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  • Cristina Lefter

M&A Concepts: “Representations and Warranties”

Updated: Jul 6, 2023


In all sale purchase agreements (SPAs), whether it is a transfer of shares in a company (share deals) or business (asset deals or business transfer agreements), there is a section entitled "Representations and Warranties", often translated in Romanian as "Declarații și Garanții". In Anglo-Saxon law, "Representations and warranties are clauses in the definitive merger agreement that establish the required condition of the buyer and the target firms at the time of signing the agreement, and again at closing. Failure to meet these conditions will usually trigger a renegotiation of price, or even cancellation of the deal."[1] The nuance between the two concepts can be summarized as follows: "A representation (or “rep”) is a statement of fact; a warranty is a commitment that a fact is or will be true. Together, these present a profile of the target (…) at the date of the transaction."[2]


From the perspective of Romanian law, the distinction between the two is not necessarily one of substance, since both the reps and the warranties are in fact guarantees of the seller in respect of (simply put) the company that is the object of the sale.


This comprehensive list of guarantees takes into account not only the subject matter of the sale per se (which, by assumption, represents the shares in question), but the state of the company as a whole. In practice, from the perspective of the Romanian Civil Code, the seller's guarantees in respect of the shares that are the subject of the sale would be limited to the guarantee for eviction (guarantee that the seller is indeed the owner of the goods that are the subject of the sale) and the guarantee for defects (guarantee that the shares were legally issued/subscribed etc.), without the seller guaranteeing in any way the substance of these shares i.e. the business that is taken over following the sale. Therefore, reps & warranties are required to add guarantees by the seller with regard to the value actually conveyed by the transfer/sale of shares/business/goodwill.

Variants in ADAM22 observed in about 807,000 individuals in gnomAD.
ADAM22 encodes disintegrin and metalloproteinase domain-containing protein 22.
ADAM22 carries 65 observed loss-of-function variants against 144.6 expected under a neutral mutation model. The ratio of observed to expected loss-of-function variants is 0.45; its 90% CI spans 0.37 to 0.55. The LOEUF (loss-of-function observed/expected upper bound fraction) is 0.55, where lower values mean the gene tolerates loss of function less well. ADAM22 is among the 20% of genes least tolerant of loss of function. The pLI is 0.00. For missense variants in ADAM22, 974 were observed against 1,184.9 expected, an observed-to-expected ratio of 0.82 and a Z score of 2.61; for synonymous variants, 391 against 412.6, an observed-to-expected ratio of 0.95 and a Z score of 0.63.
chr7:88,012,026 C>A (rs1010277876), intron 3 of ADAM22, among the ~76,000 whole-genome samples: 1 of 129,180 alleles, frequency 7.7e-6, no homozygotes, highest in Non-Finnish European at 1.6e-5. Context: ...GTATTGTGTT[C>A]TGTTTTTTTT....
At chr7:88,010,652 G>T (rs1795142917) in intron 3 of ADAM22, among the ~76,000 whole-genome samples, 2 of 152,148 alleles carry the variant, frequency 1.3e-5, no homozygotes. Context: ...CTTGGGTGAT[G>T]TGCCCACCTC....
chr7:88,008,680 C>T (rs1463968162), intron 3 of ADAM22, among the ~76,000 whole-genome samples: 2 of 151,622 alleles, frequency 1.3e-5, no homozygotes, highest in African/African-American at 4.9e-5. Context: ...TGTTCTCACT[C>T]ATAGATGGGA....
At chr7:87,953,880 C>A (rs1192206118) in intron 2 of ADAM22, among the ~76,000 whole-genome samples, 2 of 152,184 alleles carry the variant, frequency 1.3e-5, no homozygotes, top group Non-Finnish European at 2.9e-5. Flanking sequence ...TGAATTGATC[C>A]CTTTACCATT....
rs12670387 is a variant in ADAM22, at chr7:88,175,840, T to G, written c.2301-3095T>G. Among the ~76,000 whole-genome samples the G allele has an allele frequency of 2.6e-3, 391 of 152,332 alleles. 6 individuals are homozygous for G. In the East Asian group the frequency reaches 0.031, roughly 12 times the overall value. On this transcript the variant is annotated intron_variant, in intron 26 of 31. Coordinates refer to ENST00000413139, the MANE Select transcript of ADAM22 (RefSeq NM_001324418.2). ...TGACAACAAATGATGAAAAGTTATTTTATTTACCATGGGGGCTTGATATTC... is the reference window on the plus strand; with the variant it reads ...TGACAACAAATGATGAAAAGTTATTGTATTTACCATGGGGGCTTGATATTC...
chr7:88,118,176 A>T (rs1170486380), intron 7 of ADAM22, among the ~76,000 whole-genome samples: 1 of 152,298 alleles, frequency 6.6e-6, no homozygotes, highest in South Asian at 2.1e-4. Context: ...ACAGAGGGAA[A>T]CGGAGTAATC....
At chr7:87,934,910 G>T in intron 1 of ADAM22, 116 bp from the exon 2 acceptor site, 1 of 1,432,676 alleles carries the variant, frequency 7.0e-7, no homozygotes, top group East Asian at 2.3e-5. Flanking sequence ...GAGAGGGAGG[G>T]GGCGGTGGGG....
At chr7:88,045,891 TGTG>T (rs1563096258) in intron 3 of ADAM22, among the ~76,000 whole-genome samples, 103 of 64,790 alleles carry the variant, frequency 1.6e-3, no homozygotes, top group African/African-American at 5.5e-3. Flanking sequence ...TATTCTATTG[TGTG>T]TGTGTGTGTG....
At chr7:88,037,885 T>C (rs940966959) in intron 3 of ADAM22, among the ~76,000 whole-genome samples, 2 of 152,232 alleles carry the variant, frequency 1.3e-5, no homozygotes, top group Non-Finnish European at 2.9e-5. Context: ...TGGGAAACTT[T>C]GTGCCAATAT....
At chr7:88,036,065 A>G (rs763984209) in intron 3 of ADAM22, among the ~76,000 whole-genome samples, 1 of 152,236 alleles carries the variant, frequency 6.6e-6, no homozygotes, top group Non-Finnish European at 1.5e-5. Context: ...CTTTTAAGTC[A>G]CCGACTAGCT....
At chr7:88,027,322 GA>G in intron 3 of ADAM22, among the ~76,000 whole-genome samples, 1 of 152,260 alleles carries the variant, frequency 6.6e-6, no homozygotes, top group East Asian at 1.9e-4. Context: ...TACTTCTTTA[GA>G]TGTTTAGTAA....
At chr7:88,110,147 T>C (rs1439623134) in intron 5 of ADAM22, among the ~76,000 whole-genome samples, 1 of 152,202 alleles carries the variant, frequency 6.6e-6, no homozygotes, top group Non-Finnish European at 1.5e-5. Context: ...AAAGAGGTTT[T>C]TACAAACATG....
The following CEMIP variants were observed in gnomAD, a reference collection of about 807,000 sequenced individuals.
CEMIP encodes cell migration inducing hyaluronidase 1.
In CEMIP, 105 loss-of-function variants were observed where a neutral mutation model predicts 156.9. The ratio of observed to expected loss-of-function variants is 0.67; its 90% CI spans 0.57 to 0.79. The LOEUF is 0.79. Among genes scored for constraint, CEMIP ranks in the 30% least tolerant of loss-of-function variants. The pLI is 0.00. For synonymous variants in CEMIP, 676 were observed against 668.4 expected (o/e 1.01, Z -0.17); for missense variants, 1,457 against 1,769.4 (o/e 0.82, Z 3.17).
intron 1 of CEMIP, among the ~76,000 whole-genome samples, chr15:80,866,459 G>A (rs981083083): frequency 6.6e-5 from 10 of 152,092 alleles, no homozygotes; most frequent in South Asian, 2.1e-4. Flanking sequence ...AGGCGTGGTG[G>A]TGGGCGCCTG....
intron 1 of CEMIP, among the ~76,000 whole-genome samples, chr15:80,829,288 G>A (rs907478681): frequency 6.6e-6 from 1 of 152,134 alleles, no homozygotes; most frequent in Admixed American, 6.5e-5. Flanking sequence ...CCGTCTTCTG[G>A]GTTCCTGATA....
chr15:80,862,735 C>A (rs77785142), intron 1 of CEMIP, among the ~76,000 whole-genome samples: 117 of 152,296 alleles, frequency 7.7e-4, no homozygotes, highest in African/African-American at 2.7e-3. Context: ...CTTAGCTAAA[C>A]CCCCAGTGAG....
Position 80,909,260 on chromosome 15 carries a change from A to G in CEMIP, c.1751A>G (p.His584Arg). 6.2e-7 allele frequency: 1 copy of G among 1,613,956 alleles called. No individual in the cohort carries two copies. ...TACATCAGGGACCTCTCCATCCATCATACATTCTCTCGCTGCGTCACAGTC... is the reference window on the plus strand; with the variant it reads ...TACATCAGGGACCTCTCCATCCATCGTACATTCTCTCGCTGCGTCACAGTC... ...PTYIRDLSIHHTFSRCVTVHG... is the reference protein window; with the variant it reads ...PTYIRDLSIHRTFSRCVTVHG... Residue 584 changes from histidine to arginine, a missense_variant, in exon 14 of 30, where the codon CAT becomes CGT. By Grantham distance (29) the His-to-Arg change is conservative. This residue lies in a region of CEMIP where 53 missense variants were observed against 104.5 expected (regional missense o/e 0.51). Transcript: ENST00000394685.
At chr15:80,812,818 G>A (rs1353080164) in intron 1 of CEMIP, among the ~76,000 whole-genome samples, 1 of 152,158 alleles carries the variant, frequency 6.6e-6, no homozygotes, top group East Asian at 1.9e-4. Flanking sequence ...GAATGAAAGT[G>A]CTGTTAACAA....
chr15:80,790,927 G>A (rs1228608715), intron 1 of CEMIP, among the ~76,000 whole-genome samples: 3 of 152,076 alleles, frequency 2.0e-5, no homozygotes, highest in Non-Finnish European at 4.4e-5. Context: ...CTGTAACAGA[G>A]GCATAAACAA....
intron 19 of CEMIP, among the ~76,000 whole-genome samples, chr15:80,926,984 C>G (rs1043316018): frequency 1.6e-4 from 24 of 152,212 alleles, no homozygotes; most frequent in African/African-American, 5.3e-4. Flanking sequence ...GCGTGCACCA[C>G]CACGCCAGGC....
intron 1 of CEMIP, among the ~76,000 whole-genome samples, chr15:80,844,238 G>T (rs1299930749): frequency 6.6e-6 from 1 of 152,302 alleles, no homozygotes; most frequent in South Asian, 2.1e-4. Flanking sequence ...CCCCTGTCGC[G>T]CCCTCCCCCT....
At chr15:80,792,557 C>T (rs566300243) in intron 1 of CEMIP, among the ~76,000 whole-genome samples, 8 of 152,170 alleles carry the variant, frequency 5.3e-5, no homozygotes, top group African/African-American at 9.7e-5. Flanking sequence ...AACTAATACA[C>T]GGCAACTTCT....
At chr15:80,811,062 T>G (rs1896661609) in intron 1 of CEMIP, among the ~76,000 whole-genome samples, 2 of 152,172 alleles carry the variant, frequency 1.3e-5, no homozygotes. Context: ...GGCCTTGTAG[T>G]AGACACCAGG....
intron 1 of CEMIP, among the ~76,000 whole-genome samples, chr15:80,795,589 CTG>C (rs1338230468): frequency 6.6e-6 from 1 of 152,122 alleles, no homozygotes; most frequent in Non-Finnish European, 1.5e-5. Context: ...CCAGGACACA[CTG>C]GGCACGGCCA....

Reps & warranties are also a contractual risk allocation tool between seller and buyer, being closely linked to the due diligence process (legal analysis carried out on the target company) and to the disclosure of information by the seller carried out either as part of the due diligence or separately via a disclosure letter (concepts to which we will refer in later articles).


How does this contractual risk allocation work? According to the Romanian Civil Code (art. 1707 para. 4), the seller does not owe a guarantee against defects that the buyer was aware of when the contract was concluded. In other words, the seller cannot be held liable for those defects which, in the contractual understanding of the parties, are deemed to be known by the buyer because they were [fairly] disclosed during the due diligence process. This is in fact a qualification of reps & warranties, which could be interpreted (by way of example) as follows: the seller is liable for matters relating to the condition of the company under a warranty provided that those matters which may diminish the value of the target company or which may create damage to the buyer have not been disclosed to the buyer in a full and fair manner and in sufficient detail to enable the buyer to identify the nature and implications of the matter disclosed (fully and fairly disclosed).